Canarsie Canary Rubber Powered Free Flight Airplane Part 1

Don Ross Canarsie Canary Free Flight

The Canarsie Canary

I mentioned in an earlier post at the summer of 2017 is time for me to learn the ins and outs of rubber powered free flight model planes. To do so I’m starting from square one – the fabulous book by Don Ross titled Rubber Powered Model Airplanes. The first project in the book is the Canarsie Canary, a basic balsa wood design. All that is needed is some balsa wood, a propeller with mount and a loop of airplane rubber.

I purchased the balsa wood from my local hobby shop, the propeller and rubber was ordered from SIG, a popular model plane manufacturer. While I waited for the parts to arrive (and they came within a few days) I started building the balsa wood parts. As you can see it’s not a very complicated design, basically a stick with wings, rudder and stabilizer. The most complicated aspect of the build is setting the wing dihedral, bending the wing tips upward – this adds flight stability.

Rubber Powered Canarsie Canary
Setting the Wing Dihedral

I followed the instructions somewhat diligently. Scotch tape is applied on the top of the wing where the bend will occur. The wing is flipped over and lightly scored to allow the wood to bend, but not break. The wing tips must be folded upward 1 1/4″ and the gap is filled with glue. For precision sake the wings were supported on two stacks of plywood scraps (each stack is a piece of 1/2″ and 3/4″ plywood) 1 1/4″ tall. I used tape to hold everything in place while everything set.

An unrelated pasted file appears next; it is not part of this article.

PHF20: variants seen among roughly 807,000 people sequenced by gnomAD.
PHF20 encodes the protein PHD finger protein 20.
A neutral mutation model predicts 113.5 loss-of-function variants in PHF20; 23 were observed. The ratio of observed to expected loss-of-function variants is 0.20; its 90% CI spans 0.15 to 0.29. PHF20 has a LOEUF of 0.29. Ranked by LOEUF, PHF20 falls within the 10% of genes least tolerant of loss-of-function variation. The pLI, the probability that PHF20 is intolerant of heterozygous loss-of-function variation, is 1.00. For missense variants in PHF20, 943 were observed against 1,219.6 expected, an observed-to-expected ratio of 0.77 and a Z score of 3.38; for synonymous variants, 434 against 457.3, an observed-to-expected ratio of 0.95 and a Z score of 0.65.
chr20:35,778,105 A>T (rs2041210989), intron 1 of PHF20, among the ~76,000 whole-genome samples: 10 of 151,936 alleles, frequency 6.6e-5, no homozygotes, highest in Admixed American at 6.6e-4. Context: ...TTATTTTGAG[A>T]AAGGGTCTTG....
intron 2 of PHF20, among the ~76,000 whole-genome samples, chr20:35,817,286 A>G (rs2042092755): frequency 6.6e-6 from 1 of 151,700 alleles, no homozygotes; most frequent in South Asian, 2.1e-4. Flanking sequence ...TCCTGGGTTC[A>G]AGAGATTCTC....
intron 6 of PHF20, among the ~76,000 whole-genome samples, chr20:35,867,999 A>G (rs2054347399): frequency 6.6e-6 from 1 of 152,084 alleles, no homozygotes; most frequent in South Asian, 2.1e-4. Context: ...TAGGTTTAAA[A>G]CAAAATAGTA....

When the remaining parts arrived I assembled the entire plane and gave it a test flight. To my surprise it flew straight and smooth. A few hours later I headed to the local park with plenty of room to give the plane a true test. Before the Canarie Canary can take flight two small rectangles of paper are taped on the wing and rudder. This forces the plane into a gentle left turn.

I’ll be honest, the plane had about ten flights, three of them were somewhat graceful and responded as it should. At times there was a breeze, and some of the adjustments of the plane were not ideal. Suddenly some of the advise that is shared in the book became quite clear. So I’ll be trying out a few modifications and returning to the park soon. I’ll report with more information when it comes to fruition.

2 comments

  1. Good Day John,
    I would be interested in purchasing your Whirligig kits. ( if still available )
    Please let me know the cost(s)
    Thank You,
    Mike Swanston
    P.S. You have a very cool website

    1. Hello Mike. Thanks for the message, and sorry for the delayed response- somehow I don’t get notified when people send message. It’s been a while since I’ve made and sold the whirligig stuff. I must admit my stuff was the best… but not without taking a toll on every ounce of my spare time. Maybe one day I’ll get back to it. A few times a year I make a bunch of whirligig parts for folks that buy a bulk amount.

      As you can imagine, making the parts is mostly a labor of love – I’m pretty sure I don’t earn minimum wage with the whirligig stuff – buy I enjoy it. I’ll admit it started to be “not fun” because other folks were selling junk on Ebay and then I was getting messages to match or beat those prices… and the fun got zapped out.

      Let me know what your looking for specifically and I may be able to hook you up (when I get my workshop cleaned – we’re doing some home renovations currently). My email is studster@gmail.com.

      Thanks a bunch,
      ~john

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